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Dog Anxiety 101: How to Calm an Anxious Dog

Life can get stressful for even the happiest, go-lucky dogs. Whether it’s thunderstorms, fireworks, new people and situations, or separation anxiety, there are all kinds of things that can set our pups off. Unfortunately, stress and anxiety can make even the best behaved dogs act out by showing signs of aggression or destruction or just put them in full blown panic mode. As dog parents, we know we are happiest when our dogs are happy. When we calm the dog we are helping them be the best version of themselves. 

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Calming an anxious dog is possible with training, supplements, exposure, music, and even dog beds for anxious dogs. 

Recognizing the Signs of Dog Anxiety

Anxiety in dogs can present itself in many different ways and recognizing the signs and triggers can help us pet parents manage their stress better! The signs of dog anxiety include: 

  • Aggression
  • Urinating or defecating in the house
  • Drooling
  • Panting
  • Destructive behavior
  • Depression symptoms like loss of appetite and usual activity 
  • Excessive barking
  • Pacing and restlessness
  • Compulsive behaviors

Some anxiety behaviors, like aggression and destructive behavior, can be particularly dangerous, so it is best to find a solution to dog anxiety as soon as possible. Other behaviors might be a one off, like shaking during storms, while some, like urinating in the house, is a sign of severe separation anxiety.

The Causes of Dog Anxiety

The are a myriad of reasons a dog could be experiencing anxiety, but some of the most common reasons include:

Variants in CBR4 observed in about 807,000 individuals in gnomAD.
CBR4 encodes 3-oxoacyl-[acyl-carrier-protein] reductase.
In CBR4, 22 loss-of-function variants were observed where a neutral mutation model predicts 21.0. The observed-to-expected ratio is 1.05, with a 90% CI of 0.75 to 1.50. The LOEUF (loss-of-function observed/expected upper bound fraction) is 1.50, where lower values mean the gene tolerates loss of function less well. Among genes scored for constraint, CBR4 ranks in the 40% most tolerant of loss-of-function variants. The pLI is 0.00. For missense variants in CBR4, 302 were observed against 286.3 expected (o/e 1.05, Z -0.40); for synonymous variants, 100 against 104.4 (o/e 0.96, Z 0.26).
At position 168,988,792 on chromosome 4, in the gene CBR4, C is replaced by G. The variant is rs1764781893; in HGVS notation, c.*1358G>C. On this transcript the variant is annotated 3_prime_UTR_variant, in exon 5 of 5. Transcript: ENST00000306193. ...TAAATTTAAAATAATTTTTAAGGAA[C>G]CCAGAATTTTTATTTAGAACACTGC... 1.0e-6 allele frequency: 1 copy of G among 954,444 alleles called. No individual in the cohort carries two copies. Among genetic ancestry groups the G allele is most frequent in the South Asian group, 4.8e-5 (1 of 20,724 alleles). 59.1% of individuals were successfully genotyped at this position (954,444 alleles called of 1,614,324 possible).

• Fear
  • Separation
  • Genetics
  • Aging
  • Travel
  • Storms and fireworks
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How to Calm an Anxious Dog?

Rest assured, there are ways to reduce your dog’s anxiety! The first step in treating dog anxiety is to speak to your veterinarian, who can help identify the type of anxiety and possible causes and triggers. They can help come up with a treatment plan, while also ruling out any other medical conditions that might be causing this anxiety.

Training and counterconditioning are also an effective way to reduce dog anxiety. ​​With counterconditioning, the idea is to change your dog’s response to the stimuli responsible for anxiety, typically by replacing the anxious behavior with a good behavior like sitting or focusing. 

With training, you can also try to desensitize by slowly introducing your dog to the source of its anxiety in small, regulated doses. Exposure and rewarding positive behavior can have a huge impact on anxious dogs. 

Contacting a professional dog trainer can also help.

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There are also many supplements on the market today for dog anxiety! Some, like Wolf Spring, are easy to give and recommended by vets. In new research, plant ingredients have shown amazing results for dogs like calmed behavior, relaxation, and stress relief.